On the surface, this is a book about urban sprawl. Burton didn’t intend for it to be political in any way. In fact, she was speaking from her experience. However, it’s about how the landscape of rural settings change over time based on what we value. The main character is the house. When I first met my husband, I told him, “Something weird about me is I personify.” He recently reminded me I said this. I hadn’t remembered saying that, but I’m also not surprised. I do give things human qualities. So this little red house who has a smile and is called “she” and “her” wiggles her way into my heart every time I read the book.


If you flip through the book, the house doesn’t move. Things are added around her, but she stays put. Even the words in the book are art. There are no text blocks but rather beautiful text shapes. This book is a feast for the eyes.

This book for kids has some significant take-aways for adults:


1. Take note of beauty

The little house notices things. She loves the change of seasons. She watches the moon grow each night. She pays attention to the children playing in the brook in the spring, swimming in summer, going to school in the fall, and skating in the winter.


Last night I couldn’t sleep. I stumbled downstairs to sleep on the couch and caught myself before lying down on a pile of lazar tag guns. My first instinct was to get mad. Why didn’t my son take these back downstairs when he was finished? But then I found myself smiling. How fun that he had enough friends over for a game of lazar tag that had to expand into the upstairs because the basement wasn’t big enough to hold it.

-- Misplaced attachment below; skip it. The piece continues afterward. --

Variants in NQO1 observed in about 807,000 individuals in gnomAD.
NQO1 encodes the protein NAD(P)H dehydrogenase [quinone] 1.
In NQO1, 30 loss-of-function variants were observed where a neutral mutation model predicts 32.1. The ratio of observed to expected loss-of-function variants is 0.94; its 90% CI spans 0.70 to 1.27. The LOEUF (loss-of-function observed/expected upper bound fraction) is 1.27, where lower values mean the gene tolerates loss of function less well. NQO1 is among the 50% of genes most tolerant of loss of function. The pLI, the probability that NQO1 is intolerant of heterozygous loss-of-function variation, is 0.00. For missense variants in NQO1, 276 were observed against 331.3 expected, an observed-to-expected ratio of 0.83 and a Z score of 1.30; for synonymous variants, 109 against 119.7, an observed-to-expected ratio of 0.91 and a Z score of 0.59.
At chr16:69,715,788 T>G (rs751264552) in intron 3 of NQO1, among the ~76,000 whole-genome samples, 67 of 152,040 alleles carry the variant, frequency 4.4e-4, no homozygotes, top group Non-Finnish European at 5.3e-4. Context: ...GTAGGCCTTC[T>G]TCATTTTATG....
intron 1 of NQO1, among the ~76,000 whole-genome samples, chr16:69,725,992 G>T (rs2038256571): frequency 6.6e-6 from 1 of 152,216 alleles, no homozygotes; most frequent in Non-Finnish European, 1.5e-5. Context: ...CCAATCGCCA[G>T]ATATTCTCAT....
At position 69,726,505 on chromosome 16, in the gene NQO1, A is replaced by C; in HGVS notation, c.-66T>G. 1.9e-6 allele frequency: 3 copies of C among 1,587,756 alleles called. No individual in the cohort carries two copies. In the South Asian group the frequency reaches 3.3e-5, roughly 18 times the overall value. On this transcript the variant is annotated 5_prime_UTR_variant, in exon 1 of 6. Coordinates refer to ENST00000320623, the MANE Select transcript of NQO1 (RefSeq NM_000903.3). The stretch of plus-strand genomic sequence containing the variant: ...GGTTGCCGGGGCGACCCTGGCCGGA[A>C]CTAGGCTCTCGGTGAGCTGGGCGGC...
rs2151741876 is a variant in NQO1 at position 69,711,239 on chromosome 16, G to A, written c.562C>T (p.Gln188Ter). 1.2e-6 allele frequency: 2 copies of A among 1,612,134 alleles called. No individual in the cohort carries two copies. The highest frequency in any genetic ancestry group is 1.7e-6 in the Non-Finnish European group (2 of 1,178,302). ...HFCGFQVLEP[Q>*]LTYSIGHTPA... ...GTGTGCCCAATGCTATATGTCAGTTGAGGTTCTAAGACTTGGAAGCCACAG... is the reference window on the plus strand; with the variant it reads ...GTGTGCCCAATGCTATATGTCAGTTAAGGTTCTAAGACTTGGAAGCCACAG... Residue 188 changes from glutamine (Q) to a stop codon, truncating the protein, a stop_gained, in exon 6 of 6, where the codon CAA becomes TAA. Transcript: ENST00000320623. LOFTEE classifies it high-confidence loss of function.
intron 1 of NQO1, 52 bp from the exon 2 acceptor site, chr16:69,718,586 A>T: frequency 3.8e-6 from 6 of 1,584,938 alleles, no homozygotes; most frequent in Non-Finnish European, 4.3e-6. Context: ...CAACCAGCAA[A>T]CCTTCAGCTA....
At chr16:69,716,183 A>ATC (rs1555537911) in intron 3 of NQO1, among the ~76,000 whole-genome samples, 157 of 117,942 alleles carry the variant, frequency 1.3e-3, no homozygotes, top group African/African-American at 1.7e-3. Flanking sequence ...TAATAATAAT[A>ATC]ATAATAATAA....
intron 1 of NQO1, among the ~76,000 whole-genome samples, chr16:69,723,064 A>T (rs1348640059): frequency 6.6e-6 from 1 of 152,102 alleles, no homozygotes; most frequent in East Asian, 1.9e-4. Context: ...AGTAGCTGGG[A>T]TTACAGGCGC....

Like the little house, I love the change of seasons. There’s nothing like the first buds of spring or the first cool breeze of autumn. I also love to look at the moon. But sometimes I need a little reminder to stop rushing around and look up or look out at the beauty around me whether it’s a sunset or a pile of lazar tag guns on the couch.


2. Watch what we call progress

All of the things that happen around the little house would probably be considered progress: a paved road, gas stations, trolley cars, schools, garages, an elevated train, subway rails, and sky scrapers. But these things made life for the little house miserable. She missed the apple trees and the daisies. She couldn’t see the moon anymore. She didn’t notice the change of seasons because of all the of hurrying people and pollution around her. Soon her color faded and she looked sad and dilapidated. Our beautiful little smiling house began to look like the junk around her -the junk we thought of as "progress".